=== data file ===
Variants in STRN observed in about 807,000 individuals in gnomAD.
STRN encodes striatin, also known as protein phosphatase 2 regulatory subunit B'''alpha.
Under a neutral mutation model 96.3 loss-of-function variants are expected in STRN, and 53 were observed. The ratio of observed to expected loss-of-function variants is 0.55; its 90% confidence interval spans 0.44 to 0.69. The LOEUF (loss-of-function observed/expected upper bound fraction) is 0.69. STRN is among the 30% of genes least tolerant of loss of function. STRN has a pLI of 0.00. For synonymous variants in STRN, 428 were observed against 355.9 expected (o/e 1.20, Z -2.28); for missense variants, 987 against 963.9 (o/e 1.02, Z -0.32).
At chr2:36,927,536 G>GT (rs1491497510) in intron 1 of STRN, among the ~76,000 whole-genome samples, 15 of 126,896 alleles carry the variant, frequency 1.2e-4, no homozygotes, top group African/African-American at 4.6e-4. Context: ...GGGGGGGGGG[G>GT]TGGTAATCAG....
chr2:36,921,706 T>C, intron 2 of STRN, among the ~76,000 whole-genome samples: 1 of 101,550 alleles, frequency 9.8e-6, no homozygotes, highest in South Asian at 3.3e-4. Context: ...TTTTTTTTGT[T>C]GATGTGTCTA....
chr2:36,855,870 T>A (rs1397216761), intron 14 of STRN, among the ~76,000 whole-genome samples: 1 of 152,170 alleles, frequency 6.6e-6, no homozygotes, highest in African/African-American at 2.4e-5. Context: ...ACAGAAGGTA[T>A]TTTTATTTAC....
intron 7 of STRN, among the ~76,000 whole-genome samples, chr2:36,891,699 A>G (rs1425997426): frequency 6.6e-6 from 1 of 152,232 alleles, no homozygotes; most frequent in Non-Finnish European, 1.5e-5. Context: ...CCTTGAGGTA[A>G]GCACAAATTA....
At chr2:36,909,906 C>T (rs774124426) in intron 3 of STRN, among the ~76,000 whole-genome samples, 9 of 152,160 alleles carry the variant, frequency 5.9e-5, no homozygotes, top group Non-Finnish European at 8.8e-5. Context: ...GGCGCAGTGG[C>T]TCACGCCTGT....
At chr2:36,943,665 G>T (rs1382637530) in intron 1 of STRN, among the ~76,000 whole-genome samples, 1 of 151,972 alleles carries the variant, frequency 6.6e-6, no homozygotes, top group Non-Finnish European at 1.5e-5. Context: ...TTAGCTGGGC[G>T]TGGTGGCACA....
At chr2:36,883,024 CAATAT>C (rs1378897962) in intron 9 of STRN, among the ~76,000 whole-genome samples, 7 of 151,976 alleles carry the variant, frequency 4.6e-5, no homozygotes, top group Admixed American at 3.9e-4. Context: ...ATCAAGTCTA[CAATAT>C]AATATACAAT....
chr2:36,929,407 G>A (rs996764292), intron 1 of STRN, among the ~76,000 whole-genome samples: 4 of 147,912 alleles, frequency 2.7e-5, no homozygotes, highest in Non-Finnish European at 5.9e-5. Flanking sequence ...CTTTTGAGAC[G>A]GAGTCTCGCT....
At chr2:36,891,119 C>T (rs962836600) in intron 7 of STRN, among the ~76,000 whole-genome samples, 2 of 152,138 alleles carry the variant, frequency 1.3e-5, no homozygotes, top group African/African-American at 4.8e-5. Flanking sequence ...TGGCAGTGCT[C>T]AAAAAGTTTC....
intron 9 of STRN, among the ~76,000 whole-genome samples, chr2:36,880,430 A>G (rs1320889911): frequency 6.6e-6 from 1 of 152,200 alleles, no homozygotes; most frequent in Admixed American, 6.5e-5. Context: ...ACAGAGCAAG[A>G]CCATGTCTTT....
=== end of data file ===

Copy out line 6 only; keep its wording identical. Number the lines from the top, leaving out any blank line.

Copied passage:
chr2:36,855,870 T>A (rs1397216761), intron 14 of STRN, among the ~76,000 whole-genome samples: 1 of 152,170 alleles, frequency 6.6e-6, no homozygotes, highest in African/African-American at 2.4e-5. Context: ...ACAGAAGGTA[T>A]TTTTATTTAC....